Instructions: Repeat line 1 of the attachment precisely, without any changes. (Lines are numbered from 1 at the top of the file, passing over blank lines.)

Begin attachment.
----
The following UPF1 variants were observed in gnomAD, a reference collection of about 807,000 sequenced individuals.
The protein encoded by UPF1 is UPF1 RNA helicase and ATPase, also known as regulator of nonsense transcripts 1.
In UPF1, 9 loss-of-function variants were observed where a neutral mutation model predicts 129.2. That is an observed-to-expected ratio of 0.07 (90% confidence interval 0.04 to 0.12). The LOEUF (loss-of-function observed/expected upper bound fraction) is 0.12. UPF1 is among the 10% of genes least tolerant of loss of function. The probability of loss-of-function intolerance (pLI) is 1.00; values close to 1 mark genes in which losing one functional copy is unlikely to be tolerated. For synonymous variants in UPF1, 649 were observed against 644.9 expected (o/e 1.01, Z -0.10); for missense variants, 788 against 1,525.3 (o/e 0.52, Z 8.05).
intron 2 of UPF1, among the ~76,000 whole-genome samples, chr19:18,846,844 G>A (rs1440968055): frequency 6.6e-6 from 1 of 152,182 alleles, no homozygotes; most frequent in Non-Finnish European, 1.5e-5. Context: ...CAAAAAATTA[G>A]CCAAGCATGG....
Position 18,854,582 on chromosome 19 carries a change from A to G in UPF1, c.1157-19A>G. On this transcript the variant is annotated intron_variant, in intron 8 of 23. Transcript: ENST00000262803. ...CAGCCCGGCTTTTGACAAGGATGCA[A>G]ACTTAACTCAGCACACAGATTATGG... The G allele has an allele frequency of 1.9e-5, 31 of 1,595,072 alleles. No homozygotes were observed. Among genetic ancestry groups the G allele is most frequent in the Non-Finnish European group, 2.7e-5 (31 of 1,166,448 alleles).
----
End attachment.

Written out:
The following UPF1 variants were observed in gnomAD, a reference collection of about 807,000 sequenced individuals.